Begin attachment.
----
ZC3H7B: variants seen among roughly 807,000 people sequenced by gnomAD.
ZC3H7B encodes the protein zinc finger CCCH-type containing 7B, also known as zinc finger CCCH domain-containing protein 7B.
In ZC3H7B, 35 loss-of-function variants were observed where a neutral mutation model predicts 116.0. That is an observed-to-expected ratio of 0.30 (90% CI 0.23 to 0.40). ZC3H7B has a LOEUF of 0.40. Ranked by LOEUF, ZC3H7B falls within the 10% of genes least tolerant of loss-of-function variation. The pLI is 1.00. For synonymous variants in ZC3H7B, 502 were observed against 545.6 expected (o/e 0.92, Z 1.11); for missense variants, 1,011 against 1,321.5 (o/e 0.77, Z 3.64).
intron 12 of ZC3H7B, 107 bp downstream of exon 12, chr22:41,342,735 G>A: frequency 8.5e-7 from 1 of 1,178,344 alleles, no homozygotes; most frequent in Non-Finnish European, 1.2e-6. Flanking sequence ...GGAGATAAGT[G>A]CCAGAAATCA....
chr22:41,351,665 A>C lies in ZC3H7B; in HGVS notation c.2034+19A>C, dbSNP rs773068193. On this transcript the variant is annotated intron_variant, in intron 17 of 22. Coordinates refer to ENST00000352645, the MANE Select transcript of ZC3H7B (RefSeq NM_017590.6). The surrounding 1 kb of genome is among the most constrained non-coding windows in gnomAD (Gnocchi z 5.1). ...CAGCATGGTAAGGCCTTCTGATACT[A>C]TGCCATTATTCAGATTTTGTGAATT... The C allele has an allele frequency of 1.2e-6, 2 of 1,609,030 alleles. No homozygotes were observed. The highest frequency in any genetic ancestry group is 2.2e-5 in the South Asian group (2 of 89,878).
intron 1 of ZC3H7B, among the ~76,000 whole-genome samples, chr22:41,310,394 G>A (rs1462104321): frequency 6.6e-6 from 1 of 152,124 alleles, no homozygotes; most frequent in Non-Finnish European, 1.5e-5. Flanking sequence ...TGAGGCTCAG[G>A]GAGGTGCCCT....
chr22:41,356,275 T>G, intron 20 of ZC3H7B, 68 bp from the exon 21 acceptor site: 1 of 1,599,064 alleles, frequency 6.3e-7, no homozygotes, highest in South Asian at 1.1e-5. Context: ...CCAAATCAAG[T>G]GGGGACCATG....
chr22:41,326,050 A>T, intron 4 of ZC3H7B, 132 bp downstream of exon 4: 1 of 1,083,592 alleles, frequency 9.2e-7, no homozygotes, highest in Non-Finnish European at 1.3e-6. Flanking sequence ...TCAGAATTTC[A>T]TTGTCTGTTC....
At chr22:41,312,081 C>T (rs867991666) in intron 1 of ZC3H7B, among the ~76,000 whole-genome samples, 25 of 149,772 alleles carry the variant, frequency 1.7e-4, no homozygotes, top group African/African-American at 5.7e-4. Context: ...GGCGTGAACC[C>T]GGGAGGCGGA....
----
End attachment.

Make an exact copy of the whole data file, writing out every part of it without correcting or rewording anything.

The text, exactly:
ZC3H7B: variants seen among roughly 807,000 people sequenced by gnomAD.
ZC3H7B encodes the protein zinc finger CCCH-type containing 7B, also known as zinc finger CCCH domain-containing protein 7B.
In ZC3H7B, 35 loss-of-function variants were observed where a neutral mutation model predicts 116.0. That is an observed-to-expected ratio of 0.30 (90% CI 0.23 to 0.40). ZC3H7B has a LOEUF of 0.40. Ranked by LOEUF, ZC3H7B falls within the 10% of genes least tolerant of loss-of-function variation. The pLI is 1.00. For synonymous variants in ZC3H7B, 502 were observed against 545.6 expected (o/e 0.92, Z 1.11); for missense variants, 1,011 against 1,321.5 (o/e 0.77, Z 3.64).
intron 12 of ZC3H7B, 107 bp downstream of exon 12, chr22:41,342,735 G>A: frequency 8.5e-7 from 1 of 1,178,344 alleles, no homozygotes; most frequent in Non-Finnish European, 1.2e-6. Flanking sequence ...GGAGATAAGT[G>A]CCAGAAATCA....
chr22:41,351,665 A>C lies in ZC3H7B; in HGVS notation c.2034+19A>C, dbSNP rs773068193. On this transcript the variant is annotated intron_variant, in intron 17 of 22. Coordinates refer to ENST00000352645, the MANE Select transcript of ZC3H7B (RefSeq NM_017590.6). The surrounding 1 kb of genome is among the most constrained non-coding windows in gnomAD (Gnocchi z 5.1). ...CAGCATGGTAAGGCCTTCTGATACT[A>C]TGCCATTATTCAGATTTTGTGAATT... The C allele has an allele frequency of 1.2e-6, 2 of 1,609,030 alleles. No homozygotes were observed. The highest frequency in any genetic ancestry group is 2.2e-5 in the South Asian group (2 of 89,878).
intron 1 of ZC3H7B, among the ~76,000 whole-genome samples, chr22:41,310,394 G>A (rs1462104321): frequency 6.6e-6 from 1 of 152,124 alleles, no homozygotes; most frequent in Non-Finnish European, 1.5e-5. Flanking sequence ...TGAGGCTCAG[G>A]GAGGTGCCCT....
chr22:41,356,275 T>G, intron 20 of ZC3H7B, 68 bp from the exon 21 acceptor site: 1 of 1,599,064 alleles, frequency 6.3e-7, no homozygotes, highest in South Asian at 1.1e-5. Context: ...CCAAATCAAG[T>G]GGGGACCATG....
chr22:41,326,050 A>T, intron 4 of ZC3H7B, 132 bp downstream of exon 4: 1 of 1,083,592 alleles, frequency 9.2e-7, no homozygotes, highest in Non-Finnish European at 1.3e-6. Flanking sequence ...TCAGAATTTC[A>T]TTGTCTGTTC....
At chr22:41,312,081 C>T (rs867991666) in intron 1 of ZC3H7B, among the ~76,000 whole-genome samples, 25 of 149,772 alleles carry the variant, frequency 1.7e-4, no homozygotes, top group African/African-American at 5.7e-4. Context: ...GGCGTGAACC[C>T]GGGAGGCGGA....